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    As far as the insignificance of rural crime, if you live in a neighborhood where you can trust all your neighbors during a crisis ....I tip my hat to you. Desperate people do desperate things. Prepared people are often targeted for theft and plunder. That’s why I was surprised you felt no need for security measures.
    Quote Originally Posted by Tea View Post
    And yes, I trust people I've known all my life not to kill me for food that I'm willing to share anyway. At least, not in the hours immediately after an event like a tornado that only strikes a small area, when they know that help is on the way. . . What a sad world it would be if that were a real concern. We've experienced severe weather and prolonged power outages before, and everyone came together most admirably, as people generally do in such situations.
    I'm more closely aligned with Tea on this. I'm thinking about my Vermont neighborhood, where we have 9 neighbors. As most of you know, I've only known my new neighbors for one year, but I've already said something like "If there were ever a nuclear war, I'm glad I'm up here with these guys." They are so savvy with survival skills. Whereas our neighbors in New Jersey would call AAA to jump a car battery (even I can do that!), these guys hunt for dinner, chop wood for winter fuel, they know how to pull lake water up for greywater use in their homes, they can build a shed with electricity over the course of two weekends. One's a roofer, one's an electrician, and they all have tremendous "smarts" when it comes to these basic living skills. Even their 13 year old kids are amazingly savvy. I honestly don't know what I have to offer, except some veggies, fruits and herbs from my home garden.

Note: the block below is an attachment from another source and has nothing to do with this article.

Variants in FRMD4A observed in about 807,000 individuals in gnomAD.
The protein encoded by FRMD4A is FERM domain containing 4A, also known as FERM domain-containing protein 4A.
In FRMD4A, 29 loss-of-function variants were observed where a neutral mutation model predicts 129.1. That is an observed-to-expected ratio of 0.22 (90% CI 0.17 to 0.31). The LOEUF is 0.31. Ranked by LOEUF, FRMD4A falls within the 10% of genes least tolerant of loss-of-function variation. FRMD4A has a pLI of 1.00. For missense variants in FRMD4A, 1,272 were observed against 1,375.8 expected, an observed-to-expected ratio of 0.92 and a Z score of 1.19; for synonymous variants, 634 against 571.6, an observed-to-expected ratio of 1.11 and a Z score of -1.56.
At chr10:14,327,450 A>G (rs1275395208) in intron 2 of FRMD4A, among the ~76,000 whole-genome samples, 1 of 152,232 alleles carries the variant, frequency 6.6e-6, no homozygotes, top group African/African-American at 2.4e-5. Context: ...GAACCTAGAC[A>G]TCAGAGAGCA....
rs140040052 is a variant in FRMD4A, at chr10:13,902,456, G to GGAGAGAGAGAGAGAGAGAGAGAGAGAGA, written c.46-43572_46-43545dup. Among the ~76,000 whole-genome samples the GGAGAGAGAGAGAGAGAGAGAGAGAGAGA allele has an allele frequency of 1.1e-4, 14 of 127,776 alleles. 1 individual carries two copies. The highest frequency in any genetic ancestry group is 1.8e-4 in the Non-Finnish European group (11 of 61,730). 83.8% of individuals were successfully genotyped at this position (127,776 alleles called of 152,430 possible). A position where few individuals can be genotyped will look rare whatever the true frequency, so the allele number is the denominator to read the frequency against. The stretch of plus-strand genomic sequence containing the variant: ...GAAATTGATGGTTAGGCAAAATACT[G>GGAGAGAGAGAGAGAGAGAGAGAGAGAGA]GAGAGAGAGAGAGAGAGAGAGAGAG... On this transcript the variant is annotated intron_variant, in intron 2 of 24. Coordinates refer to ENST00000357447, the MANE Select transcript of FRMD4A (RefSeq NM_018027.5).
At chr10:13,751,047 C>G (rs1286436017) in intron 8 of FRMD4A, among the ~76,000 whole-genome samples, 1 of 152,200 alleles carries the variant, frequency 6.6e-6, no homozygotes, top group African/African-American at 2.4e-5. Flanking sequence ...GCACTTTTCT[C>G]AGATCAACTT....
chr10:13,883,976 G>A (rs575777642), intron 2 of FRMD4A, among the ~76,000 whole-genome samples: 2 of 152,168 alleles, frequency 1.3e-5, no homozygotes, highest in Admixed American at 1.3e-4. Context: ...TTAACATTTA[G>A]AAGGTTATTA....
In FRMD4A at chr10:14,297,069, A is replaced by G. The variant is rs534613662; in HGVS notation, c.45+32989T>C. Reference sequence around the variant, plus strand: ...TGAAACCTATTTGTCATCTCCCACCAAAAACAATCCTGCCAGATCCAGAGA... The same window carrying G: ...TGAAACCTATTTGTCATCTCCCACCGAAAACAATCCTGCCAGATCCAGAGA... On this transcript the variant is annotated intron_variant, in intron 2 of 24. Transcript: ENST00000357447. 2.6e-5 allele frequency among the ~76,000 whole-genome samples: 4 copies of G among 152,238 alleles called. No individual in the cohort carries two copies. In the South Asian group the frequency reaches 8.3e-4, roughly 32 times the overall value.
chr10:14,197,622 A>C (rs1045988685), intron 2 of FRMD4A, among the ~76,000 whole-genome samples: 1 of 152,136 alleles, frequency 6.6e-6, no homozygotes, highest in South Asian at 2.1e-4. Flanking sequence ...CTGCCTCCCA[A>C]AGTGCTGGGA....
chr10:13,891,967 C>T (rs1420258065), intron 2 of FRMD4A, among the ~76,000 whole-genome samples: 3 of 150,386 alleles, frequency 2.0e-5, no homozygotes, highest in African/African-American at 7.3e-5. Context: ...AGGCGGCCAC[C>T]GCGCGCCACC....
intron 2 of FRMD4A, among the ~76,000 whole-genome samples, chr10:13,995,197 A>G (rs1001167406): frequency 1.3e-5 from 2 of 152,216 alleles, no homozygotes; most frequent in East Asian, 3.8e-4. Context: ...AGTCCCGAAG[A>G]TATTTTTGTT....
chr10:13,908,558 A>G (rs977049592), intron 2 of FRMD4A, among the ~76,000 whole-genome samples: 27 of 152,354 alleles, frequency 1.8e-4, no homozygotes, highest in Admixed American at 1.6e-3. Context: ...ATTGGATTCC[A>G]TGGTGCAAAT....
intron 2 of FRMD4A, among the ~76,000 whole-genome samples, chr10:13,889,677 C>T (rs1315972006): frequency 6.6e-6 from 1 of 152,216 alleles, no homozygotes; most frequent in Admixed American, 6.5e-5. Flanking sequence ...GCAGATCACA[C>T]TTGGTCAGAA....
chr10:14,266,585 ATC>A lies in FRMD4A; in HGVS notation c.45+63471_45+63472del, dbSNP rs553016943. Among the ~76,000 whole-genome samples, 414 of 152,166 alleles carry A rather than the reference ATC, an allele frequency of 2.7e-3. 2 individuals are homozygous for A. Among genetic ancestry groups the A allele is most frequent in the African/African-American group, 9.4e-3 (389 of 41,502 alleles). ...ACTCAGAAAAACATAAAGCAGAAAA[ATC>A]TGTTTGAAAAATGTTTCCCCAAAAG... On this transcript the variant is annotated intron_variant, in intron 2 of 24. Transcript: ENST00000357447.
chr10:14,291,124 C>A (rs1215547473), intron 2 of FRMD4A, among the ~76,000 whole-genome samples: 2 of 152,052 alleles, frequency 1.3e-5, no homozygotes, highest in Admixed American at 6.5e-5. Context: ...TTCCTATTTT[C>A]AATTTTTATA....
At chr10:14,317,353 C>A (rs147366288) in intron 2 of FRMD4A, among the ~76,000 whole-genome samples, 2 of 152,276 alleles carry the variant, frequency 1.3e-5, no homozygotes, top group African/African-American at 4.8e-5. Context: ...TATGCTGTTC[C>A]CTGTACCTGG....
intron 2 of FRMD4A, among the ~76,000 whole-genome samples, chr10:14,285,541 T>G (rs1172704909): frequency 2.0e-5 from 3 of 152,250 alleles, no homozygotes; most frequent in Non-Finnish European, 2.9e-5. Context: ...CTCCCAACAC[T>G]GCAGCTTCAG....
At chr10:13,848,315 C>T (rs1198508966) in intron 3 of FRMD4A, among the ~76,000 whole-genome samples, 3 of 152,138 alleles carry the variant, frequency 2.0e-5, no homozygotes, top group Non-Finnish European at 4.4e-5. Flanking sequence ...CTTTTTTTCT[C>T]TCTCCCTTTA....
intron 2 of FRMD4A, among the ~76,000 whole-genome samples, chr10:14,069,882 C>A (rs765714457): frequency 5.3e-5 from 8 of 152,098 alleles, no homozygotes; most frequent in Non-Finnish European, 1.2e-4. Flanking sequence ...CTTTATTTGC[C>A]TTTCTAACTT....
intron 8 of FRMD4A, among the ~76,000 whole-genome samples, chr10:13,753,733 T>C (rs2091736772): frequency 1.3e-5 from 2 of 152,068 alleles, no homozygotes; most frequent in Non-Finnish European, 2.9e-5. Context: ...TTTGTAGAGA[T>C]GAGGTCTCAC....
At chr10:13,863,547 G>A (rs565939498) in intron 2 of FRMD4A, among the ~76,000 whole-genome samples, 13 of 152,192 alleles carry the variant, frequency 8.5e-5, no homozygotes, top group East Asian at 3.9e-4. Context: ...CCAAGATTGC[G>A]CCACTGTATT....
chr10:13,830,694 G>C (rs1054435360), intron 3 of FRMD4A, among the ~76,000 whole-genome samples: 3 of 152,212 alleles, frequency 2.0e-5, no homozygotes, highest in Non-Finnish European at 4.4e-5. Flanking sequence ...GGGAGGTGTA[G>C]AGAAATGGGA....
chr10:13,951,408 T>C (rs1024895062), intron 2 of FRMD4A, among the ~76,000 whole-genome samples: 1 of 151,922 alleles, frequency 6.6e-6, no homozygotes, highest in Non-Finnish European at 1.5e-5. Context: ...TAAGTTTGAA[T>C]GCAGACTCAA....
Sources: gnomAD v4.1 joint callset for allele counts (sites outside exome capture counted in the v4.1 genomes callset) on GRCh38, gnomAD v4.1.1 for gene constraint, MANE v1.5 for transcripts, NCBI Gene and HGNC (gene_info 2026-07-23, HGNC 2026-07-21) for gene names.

And, if it came to a short-term weather event, I know they would have my back. I don't know what would happen if society decayed to a Lord of the Flies environment, but I'm certainly not prepping for that.

    ETA: In answer to the OP question, I actually have no preparedness kit except for overstock from Costco and a bunch of tea lights. The omission is not intentional. I should get around to it at some point. I'd start with a solar emergency radio. I've been meaning to get one ever since Hurricane Sandy. DH and I have never owned a gun, but I do have mace from when I ordered 3-4 different kinds for my daughter when she lived in a quasi-shady neighborhood in DC.